In its essence, AMM protocol substitutes a broker-dealer. Brokers act as a mediator between the two parties, purchasing stocks from people who want to sell them with the purpose of selling to those eager to buy. Automated market makers (AMMs) use liquidity pools instead of a conventional market of buyers and sellers to allow digital assets to be exchanged without authorization and automatically. As an example, think of a liquidity pool as a place where your stock and another tradeable currency, such as dollars or euros, coexist. Investors that wish to purchase or sell the issued tokens remove tokens from the pool and exchange them for dollars, or vice versa. At this time, assets in the AMM pool should be deposited by the issuer, but in the future, investors or other parties interested in receiving a part of the pool's commissions may be allowed to fill it. We described the way DeFi protocols work in detail in our article "How does DeFi unleash the potential of tokenized securities?"
The key takeaway is that while remaining private, the tokenized businesses acquire the advantages primarily only available for public companies. As a result, private markets become more liquid and attractive to investors, which is nothing but a benefit for the global economy.
Benefits for issuers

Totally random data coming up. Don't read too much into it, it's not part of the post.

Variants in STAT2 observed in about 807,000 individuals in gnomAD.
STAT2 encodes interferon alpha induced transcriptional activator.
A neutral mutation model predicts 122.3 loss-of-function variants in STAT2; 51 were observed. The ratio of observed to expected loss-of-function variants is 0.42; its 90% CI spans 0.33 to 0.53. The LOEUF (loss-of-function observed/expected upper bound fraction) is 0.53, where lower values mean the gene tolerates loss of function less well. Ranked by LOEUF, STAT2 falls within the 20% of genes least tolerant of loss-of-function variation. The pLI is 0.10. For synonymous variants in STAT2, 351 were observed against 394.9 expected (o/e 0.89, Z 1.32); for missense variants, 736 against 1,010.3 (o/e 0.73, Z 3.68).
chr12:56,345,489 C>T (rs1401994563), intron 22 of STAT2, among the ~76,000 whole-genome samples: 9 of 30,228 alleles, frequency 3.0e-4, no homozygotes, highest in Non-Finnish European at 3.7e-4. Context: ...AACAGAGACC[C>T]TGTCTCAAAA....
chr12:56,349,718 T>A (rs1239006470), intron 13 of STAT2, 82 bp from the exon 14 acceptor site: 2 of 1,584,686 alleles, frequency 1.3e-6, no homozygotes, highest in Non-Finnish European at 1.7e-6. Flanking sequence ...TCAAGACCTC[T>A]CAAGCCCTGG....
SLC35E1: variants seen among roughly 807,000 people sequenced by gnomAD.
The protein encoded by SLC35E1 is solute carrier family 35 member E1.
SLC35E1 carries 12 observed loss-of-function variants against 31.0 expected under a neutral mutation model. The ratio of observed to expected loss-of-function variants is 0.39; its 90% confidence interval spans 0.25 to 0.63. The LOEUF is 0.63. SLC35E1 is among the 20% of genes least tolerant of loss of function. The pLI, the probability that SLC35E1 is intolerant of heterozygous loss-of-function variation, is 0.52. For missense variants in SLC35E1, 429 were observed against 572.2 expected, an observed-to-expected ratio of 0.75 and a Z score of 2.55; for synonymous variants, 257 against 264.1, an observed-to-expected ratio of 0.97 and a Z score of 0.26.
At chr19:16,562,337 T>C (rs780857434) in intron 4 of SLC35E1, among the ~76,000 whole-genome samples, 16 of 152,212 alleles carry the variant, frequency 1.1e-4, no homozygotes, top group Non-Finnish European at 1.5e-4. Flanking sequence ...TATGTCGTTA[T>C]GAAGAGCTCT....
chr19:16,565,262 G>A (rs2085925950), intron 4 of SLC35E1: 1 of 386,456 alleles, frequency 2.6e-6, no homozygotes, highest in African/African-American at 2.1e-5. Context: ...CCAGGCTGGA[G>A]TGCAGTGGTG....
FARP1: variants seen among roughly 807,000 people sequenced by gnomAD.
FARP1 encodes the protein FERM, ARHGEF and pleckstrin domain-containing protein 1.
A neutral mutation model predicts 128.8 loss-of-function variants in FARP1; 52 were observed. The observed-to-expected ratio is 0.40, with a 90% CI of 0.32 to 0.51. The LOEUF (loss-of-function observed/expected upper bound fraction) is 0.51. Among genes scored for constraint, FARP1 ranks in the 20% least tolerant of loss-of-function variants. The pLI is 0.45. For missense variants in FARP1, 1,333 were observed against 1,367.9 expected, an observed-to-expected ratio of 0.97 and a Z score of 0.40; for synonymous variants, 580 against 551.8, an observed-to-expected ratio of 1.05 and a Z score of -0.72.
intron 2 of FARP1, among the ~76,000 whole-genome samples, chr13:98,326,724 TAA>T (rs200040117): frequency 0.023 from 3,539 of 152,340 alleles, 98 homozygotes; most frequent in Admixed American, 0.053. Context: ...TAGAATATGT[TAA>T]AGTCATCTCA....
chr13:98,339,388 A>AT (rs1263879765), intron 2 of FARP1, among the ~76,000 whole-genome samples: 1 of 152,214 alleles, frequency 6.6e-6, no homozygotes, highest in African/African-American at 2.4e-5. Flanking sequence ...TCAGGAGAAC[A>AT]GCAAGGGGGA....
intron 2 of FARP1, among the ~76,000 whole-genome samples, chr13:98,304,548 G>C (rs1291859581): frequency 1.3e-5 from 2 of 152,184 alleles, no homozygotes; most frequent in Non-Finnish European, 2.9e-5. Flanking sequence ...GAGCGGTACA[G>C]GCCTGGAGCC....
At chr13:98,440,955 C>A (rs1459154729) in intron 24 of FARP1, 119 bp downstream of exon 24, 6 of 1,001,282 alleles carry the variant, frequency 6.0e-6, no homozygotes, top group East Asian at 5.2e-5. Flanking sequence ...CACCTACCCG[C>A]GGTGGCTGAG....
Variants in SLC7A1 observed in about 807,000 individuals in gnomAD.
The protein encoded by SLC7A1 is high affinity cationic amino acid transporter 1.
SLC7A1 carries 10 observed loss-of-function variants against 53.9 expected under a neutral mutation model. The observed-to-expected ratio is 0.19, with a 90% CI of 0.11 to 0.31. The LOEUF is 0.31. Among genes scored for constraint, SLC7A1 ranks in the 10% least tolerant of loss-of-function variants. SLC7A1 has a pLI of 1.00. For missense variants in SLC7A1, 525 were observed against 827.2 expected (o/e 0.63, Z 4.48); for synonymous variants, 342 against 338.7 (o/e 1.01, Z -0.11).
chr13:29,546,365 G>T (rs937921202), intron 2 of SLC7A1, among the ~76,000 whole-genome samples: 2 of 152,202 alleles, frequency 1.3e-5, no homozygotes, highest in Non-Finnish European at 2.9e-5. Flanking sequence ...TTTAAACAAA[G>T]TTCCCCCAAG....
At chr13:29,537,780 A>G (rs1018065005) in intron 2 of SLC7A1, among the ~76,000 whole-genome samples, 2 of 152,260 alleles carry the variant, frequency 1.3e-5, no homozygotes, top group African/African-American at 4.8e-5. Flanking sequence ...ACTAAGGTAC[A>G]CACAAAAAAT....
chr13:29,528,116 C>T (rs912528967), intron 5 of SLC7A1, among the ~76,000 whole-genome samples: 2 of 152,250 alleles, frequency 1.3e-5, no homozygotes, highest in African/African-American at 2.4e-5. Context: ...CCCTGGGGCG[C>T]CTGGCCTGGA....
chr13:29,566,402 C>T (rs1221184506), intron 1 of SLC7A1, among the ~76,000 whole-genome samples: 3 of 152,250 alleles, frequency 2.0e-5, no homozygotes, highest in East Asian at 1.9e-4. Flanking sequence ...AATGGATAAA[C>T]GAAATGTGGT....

The first thing security token issuers acquire is, of course, enhanced investor access. Tokenized enterprises may now obtain funds from a far larger pool of investors, even if they remain private. The issuer retains a negotiation power and is the one who targets the specific sort of investor: this is why it's also fair to say that the issuer gets more favorable terms of raising capital. Moreover, tokenized assets have superior liquidity; therefore, they are more appealing to investors, and their risk is also decreased.
A second benefit is cheaper issuance. Access to a larger pool of investors and the automation of technical processes allow fewer or no middlemen in the STO issuance process.
Benefits for investors
Extended investment opportunities. Primarily, this feature is of value for unaccredited investors: now, there are significantly more companies and assets they have access to. According to the McKinsey report, private markets grow at least 50% faster than the public markets; taking these two criteria together, we get a highly beneficial opportunity.